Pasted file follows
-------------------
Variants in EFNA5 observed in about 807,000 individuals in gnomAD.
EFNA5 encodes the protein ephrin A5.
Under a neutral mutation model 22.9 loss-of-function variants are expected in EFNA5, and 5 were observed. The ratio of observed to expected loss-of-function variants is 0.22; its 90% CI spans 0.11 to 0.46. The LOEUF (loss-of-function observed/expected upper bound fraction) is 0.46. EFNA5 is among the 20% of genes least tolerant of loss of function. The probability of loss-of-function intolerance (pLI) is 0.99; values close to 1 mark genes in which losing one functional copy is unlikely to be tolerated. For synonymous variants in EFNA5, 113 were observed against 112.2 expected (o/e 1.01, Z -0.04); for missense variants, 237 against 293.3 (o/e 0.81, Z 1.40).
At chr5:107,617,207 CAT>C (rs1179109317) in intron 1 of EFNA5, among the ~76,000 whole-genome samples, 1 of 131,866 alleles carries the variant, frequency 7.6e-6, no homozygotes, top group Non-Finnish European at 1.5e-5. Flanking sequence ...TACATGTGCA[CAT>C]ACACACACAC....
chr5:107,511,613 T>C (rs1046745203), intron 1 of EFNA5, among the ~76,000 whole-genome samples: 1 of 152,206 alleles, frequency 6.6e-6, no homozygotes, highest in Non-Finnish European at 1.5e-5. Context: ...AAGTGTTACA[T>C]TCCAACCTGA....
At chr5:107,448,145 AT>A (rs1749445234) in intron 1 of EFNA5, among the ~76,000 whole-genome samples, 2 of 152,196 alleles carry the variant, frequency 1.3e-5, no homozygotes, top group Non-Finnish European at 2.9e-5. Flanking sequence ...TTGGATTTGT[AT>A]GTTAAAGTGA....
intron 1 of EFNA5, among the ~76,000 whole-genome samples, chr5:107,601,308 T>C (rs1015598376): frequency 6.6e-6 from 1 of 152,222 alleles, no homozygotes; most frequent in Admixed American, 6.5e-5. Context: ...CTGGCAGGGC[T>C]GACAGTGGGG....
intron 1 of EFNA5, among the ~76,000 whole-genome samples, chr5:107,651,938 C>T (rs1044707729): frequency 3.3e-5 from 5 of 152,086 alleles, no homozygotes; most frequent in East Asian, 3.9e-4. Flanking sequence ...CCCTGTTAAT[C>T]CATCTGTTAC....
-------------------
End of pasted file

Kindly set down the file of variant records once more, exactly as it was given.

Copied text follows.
Variants in EFNA5 observed in about 807,000 individuals in gnomAD.
EFNA5 encodes the protein ephrin A5.
Under a neutral mutation model 22.9 loss-of-function variants are expected in EFNA5, and 5 were observed. The ratio of observed to expected loss-of-function variants is 0.22; its 90% CI spans 0.11 to 0.46. The LOEUF (loss-of-function observed/expected upper bound fraction) is 0.46. EFNA5 is among the 20% of genes least tolerant of loss of function. The probability of loss-of-function intolerance (pLI) is 0.99; values close to 1 mark genes in which losing one functional copy is unlikely to be tolerated. For synonymous variants in EFNA5, 113 were observed against 112.2 expected (o/e 1.01, Z -0.04); for missense variants, 237 against 293.3 (o/e 0.81, Z 1.40).
At chr5:107,617,207 CAT>C (rs1179109317) in intron 1 of EFNA5, among the ~76,000 whole-genome samples, 1 of 131,866 alleles carries the variant, frequency 7.6e-6, no homozygotes, top group Non-Finnish European at 1.5e-5. Flanking sequence ...TACATGTGCA[CAT>C]ACACACACAC....
chr5:107,511,613 T>C (rs1046745203), intron 1 of EFNA5, among the ~76,000 whole-genome samples: 1 of 152,206 alleles, frequency 6.6e-6, no homozygotes, highest in Non-Finnish European at 1.5e-5. Context: ...AAGTGTTACA[T>C]TCCAACCTGA....
At chr5:107,448,145 AT>A (rs1749445234) in intron 1 of EFNA5, among the ~76,000 whole-genome samples, 2 of 152,196 alleles carry the variant, frequency 1.3e-5, no homozygotes, top group Non-Finnish European at 2.9e-5. Flanking sequence ...TTGGATTTGT[AT>A]GTTAAAGTGA....
intron 1 of EFNA5, among the ~76,000 whole-genome samples, chr5:107,601,308 T>C (rs1015598376): frequency 6.6e-6 from 1 of 152,222 alleles, no homozygotes; most frequent in Admixed American, 6.5e-5. Context: ...CTGGCAGGGC[T>C]GACAGTGGGG....
intron 1 of EFNA5, among the ~76,000 whole-genome samples, chr5:107,651,938 C>T (rs1044707729): frequency 3.3e-5 from 5 of 152,086 alleles, no homozygotes; most frequent in East Asian, 3.9e-4. Flanking sequence ...CCCTGTTAAT[C>T]CATCTGTTAC....